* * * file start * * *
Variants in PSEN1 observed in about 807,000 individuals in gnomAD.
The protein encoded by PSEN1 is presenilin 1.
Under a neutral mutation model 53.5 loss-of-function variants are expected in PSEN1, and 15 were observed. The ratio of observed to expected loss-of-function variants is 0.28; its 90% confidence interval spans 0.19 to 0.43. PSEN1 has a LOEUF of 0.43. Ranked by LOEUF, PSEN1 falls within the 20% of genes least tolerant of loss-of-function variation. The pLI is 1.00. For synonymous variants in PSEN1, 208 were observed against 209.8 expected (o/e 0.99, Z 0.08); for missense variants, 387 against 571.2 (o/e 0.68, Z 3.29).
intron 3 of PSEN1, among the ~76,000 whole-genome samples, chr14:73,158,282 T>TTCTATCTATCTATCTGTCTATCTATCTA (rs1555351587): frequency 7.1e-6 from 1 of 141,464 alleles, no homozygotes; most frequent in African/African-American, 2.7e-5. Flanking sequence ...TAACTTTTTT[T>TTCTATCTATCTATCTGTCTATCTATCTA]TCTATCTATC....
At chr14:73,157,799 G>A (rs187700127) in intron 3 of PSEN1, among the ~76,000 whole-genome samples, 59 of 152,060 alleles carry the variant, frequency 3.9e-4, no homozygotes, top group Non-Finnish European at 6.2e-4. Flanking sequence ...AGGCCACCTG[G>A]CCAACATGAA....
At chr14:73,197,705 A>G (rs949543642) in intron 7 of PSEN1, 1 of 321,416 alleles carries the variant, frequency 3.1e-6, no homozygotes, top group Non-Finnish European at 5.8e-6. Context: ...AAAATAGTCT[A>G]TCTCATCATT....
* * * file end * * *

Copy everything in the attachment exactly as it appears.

Variants in PSEN1 observed in about 807,000 individuals in gnomAD.
The protein encoded by PSEN1 is presenilin 1.
Under a neutral mutation model 53.5 loss-of-function variants are expected in PSEN1, and 15 were observed. The ratio of observed to expected loss-of-function variants is 0.28; its 90% confidence interval spans 0.19 to 0.43. PSEN1 has a LOEUF of 0.43. Ranked by LOEUF, PSEN1 falls within the 20% of genes least tolerant of loss-of-function variation. The pLI is 1.00. For synonymous variants in PSEN1, 208 were observed against 209.8 expected (o/e 0.99, Z 0.08); for missense variants, 387 against 571.2 (o/e 0.68, Z 3.29).
intron 3 of PSEN1, among the ~76,000 whole-genome samples, chr14:73,158,282 T>TTCTATCTATCTATCTGTCTATCTATCTA (rs1555351587): frequency 7.1e-6 from 1 of 141,464 alleles, no homozygotes; most frequent in African/African-American, 2.7e-5. Flanking sequence ...TAACTTTTTT[T>TTCTATCTATCTATCTGTCTATCTATCTA]TCTATCTATC....
At chr14:73,157,799 G>A (rs187700127) in intron 3 of PSEN1, among the ~76,000 whole-genome samples, 59 of 152,060 alleles carry the variant, frequency 3.9e-4, no homozygotes, top group Non-Finnish European at 6.2e-4. Flanking sequence ...AGGCCACCTG[G>A]CCAACATGAA....
At chr14:73,197,705 A>G (rs949543642) in intron 7 of PSEN1, 1 of 321,416 alleles carries the variant, frequency 3.1e-6, no homozygotes, top group Non-Finnish European at 5.8e-6. Context: ...AAAATAGTCT[A>G]TCTCATCATT....